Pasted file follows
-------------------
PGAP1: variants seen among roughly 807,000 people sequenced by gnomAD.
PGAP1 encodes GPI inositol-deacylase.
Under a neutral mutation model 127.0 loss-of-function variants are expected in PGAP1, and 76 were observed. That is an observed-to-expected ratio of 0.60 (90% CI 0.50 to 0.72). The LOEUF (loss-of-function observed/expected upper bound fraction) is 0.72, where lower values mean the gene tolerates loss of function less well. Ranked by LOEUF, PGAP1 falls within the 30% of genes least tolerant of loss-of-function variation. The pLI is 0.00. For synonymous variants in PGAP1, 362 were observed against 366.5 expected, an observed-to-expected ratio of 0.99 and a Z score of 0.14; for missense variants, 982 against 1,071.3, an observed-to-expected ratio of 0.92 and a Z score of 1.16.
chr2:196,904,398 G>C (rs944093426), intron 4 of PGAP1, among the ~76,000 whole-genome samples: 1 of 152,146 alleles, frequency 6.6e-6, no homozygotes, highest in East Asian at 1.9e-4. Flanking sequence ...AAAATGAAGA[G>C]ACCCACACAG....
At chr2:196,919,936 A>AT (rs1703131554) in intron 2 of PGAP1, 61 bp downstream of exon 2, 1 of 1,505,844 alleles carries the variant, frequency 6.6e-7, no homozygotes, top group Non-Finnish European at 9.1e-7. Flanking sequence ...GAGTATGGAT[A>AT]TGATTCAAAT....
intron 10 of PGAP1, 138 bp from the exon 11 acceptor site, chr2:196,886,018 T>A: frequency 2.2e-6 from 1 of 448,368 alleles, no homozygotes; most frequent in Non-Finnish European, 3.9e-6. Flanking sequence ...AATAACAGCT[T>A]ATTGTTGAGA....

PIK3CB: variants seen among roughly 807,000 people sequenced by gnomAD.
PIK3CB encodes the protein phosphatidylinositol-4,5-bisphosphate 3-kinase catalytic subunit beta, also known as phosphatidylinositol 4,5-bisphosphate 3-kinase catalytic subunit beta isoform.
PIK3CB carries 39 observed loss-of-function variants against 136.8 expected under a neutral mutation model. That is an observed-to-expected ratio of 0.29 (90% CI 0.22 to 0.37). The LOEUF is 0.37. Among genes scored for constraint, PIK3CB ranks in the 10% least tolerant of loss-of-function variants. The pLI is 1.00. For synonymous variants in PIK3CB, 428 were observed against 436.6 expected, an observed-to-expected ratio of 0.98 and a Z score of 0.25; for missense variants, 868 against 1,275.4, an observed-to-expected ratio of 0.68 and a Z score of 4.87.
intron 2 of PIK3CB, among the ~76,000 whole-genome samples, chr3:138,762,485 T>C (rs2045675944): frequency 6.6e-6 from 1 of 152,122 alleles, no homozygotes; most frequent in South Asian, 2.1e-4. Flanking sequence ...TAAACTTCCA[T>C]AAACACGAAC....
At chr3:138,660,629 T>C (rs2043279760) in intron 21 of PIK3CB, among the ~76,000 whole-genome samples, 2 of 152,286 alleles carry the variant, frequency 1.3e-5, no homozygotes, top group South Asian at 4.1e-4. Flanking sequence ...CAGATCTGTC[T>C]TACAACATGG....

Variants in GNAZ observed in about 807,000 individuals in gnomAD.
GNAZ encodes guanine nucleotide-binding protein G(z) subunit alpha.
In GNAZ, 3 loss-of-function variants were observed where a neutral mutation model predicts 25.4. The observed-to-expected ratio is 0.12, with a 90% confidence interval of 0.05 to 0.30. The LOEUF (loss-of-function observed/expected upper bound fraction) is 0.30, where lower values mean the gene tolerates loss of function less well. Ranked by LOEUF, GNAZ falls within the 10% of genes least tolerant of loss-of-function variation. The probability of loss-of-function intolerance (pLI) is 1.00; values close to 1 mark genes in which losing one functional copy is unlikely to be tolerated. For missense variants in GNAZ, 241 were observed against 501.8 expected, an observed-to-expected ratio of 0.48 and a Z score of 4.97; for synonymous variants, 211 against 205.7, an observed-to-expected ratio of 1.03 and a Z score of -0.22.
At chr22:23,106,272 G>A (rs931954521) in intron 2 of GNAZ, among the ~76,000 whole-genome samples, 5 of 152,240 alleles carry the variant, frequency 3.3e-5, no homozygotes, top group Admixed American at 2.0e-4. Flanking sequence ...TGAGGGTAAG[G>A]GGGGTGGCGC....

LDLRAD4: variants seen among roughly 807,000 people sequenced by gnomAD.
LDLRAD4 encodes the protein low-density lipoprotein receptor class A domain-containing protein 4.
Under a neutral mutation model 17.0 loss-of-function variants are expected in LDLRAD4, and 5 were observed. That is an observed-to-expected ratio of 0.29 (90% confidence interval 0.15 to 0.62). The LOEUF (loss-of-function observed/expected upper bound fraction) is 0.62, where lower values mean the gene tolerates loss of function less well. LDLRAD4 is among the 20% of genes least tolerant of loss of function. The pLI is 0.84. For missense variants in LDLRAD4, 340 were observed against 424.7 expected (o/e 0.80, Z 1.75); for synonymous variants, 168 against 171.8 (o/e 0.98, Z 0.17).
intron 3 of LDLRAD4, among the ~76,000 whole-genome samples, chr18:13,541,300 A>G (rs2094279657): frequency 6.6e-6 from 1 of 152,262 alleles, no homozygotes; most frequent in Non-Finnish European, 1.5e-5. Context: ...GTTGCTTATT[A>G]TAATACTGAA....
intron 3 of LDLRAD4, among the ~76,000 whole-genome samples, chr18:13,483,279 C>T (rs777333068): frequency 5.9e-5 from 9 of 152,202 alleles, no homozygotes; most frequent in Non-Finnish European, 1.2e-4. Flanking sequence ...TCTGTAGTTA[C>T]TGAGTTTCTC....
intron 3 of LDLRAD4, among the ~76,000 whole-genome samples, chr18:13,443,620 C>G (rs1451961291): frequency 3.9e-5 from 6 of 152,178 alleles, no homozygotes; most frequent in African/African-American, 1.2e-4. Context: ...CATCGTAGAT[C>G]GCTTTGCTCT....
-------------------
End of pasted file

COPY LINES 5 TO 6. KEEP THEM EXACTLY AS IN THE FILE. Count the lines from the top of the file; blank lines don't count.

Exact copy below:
At chr2:196,919,936 A>AT (rs1703131554) in intron 2 of PGAP1, 61 bp downstream of exon 2, 1 of 1,505,844 alleles carries the variant, frequency 6.6e-7, no homozygotes, top group Non-Finnish European at 9.1e-7. Flanking sequence ...GAGTATGGAT[A>AT]TGATTCAAAT....
intron 10 of PGAP1, 138 bp from the exon 11 acceptor site, chr2:196,886,018 T>A: frequency 2.2e-6 from 1 of 448,368 alleles, no homozygotes; most frequent in Non-Finnish European, 3.9e-6. Flanking sequence ...AATAACAGCT[T>A]ATTGTTGAGA....